Offer up your upland and waterfowl colloquialisms in the comment section … and if you can’t come up with a “real” one, feel free to make one up.

I’ll start:

Woodcock: mudbat, bogsucker, timberdoodle
Pheasant: ditch parrot
Merganser: flying liver
Up yours!: (anything we miss)

Your turn!

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Not to get all new-agey, but a great place to get "centered" and end the season

Not to get all new-agey, but a great place to get "centered" and end the season

We talk a lot about “closing the loop,” reaching a logical and finite ending to all things business, social, financial, etc. The term is appropriate for yesterday, the last day of wild bird season here in Oregon.

I began the season at a spot that holds history and pre-history (read: dinosaurs), fond memories, and a sweet spot in my heart for the peace it brings me. I closed the season in the same place. And once again, it didn’t take much to bring satisfaction.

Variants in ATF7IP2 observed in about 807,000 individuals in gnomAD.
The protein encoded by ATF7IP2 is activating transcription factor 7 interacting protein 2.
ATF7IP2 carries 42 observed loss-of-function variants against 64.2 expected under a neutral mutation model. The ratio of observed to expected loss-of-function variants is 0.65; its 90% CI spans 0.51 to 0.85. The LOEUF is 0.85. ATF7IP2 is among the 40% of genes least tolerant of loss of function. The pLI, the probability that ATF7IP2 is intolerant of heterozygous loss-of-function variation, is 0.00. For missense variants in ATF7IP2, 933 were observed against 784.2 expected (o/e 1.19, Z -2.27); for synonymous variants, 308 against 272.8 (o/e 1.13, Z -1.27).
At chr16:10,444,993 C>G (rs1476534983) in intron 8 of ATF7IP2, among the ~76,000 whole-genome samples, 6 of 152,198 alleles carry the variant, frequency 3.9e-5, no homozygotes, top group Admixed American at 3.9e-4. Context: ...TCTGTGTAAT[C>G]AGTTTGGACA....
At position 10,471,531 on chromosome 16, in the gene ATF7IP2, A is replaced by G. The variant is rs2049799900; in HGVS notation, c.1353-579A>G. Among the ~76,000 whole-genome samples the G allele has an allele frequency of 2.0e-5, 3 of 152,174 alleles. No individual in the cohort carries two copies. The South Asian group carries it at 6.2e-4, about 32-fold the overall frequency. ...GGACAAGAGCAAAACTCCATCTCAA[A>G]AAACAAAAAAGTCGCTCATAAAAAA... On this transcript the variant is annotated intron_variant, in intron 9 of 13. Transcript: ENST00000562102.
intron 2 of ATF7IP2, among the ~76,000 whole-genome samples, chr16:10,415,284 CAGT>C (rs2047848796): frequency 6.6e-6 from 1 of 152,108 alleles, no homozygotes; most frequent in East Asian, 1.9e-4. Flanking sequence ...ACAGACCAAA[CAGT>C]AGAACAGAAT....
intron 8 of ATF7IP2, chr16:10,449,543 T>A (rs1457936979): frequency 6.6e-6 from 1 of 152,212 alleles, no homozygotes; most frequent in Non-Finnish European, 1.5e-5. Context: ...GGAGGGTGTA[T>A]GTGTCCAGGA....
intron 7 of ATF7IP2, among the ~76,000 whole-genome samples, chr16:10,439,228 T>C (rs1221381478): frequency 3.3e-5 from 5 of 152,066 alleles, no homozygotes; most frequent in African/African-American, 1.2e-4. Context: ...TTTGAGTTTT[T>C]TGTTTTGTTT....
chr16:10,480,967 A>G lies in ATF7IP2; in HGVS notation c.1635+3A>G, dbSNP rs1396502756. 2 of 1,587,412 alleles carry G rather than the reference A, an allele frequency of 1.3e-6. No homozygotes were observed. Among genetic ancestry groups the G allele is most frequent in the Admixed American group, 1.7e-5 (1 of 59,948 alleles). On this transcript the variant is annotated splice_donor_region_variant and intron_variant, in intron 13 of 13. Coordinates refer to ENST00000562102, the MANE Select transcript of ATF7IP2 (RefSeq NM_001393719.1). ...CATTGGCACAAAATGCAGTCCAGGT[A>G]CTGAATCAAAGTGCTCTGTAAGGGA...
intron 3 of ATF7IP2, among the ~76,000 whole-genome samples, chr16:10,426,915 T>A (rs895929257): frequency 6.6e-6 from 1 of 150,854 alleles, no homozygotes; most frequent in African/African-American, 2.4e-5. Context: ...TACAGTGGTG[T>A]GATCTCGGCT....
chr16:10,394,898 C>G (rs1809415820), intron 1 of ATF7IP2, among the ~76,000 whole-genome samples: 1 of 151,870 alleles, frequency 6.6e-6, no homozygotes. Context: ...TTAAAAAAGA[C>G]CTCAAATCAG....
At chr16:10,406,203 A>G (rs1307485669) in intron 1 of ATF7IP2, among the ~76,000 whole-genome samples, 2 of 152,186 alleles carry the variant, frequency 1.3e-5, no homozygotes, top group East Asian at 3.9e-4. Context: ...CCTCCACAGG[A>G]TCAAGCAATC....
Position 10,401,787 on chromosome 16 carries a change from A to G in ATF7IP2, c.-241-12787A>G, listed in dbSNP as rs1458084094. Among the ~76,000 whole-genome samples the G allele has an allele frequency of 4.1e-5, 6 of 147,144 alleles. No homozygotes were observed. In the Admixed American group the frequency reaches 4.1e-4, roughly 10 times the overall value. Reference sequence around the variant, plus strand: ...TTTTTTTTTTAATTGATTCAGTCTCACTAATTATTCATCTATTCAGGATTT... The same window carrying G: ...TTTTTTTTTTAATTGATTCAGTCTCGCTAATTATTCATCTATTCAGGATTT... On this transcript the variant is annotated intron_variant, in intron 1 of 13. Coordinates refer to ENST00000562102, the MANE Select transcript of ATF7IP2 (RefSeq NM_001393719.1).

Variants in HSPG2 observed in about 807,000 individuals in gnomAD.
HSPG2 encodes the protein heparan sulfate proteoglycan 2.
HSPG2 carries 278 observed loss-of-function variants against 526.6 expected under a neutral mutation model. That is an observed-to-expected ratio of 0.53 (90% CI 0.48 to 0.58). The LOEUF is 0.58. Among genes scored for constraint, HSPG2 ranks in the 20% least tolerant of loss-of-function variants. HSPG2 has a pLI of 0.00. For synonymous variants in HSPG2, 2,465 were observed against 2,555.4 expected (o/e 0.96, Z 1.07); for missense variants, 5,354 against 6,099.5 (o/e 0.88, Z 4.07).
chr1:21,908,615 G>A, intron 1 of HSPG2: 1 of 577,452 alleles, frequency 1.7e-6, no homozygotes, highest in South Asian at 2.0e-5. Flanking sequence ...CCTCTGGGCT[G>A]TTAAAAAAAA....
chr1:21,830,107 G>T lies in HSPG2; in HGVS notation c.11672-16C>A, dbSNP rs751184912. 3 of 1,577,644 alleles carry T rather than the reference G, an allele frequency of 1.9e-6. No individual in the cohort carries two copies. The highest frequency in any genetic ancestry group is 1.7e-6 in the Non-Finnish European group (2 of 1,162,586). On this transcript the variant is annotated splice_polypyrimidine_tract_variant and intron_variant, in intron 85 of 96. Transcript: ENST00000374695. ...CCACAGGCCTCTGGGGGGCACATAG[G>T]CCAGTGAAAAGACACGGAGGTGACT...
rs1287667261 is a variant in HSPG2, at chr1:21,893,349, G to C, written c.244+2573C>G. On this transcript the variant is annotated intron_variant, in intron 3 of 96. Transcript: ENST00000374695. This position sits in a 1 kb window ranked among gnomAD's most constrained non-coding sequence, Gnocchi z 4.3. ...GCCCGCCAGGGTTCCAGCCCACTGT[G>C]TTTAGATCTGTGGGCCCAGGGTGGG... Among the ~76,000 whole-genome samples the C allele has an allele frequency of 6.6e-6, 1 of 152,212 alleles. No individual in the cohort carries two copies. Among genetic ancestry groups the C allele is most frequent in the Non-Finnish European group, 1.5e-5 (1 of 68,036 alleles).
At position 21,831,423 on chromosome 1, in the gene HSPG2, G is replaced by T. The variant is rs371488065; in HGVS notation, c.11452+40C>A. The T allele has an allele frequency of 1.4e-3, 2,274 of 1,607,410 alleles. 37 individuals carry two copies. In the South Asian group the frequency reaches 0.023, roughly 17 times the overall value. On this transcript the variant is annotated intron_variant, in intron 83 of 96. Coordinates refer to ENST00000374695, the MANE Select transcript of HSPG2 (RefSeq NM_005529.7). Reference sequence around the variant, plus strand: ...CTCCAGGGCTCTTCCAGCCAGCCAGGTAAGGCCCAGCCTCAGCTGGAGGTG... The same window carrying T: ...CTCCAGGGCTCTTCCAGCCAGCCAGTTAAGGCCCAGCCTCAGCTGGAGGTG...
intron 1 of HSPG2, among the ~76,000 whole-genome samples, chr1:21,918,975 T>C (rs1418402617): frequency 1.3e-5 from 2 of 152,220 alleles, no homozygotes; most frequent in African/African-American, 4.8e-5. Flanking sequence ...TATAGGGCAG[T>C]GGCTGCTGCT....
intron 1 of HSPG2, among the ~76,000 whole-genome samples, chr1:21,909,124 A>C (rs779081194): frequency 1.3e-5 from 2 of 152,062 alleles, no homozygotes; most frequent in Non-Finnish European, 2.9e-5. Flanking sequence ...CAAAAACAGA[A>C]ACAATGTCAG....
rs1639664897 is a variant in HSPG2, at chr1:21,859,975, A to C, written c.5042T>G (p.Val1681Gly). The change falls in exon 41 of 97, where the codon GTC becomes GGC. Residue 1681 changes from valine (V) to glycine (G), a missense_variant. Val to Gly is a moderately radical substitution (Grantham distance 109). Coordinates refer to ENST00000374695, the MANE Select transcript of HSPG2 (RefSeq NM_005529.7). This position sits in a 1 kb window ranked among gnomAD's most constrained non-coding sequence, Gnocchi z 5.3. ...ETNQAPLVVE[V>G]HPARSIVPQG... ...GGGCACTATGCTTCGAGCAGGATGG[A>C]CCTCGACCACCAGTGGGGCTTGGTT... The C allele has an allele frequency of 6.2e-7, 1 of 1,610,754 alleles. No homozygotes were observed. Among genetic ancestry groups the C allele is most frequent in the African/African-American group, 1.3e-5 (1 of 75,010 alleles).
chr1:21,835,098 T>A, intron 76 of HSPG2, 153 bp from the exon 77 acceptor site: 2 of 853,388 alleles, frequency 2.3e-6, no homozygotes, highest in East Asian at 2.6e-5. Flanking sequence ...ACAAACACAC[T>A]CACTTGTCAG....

Buddy hunted hard, making up for too many road miles and not enough field time. He tore from objective to objective along the little creek laced with beaver dams and head-high brush. Once the breeze finally stirred he worked it well, and soon the beeper’s hawk scream signaled a find.

Trembling on the opposite bank, nose vectored into a tangle of reeds and marsh grass, Buddy’s right front paw saluted the hidden birds. From the other side, I praised him then wondered how the heck I’d get across to make the flush: three feet deep if it was an inch, the dark water held no attraction in late January for an involuntary dip.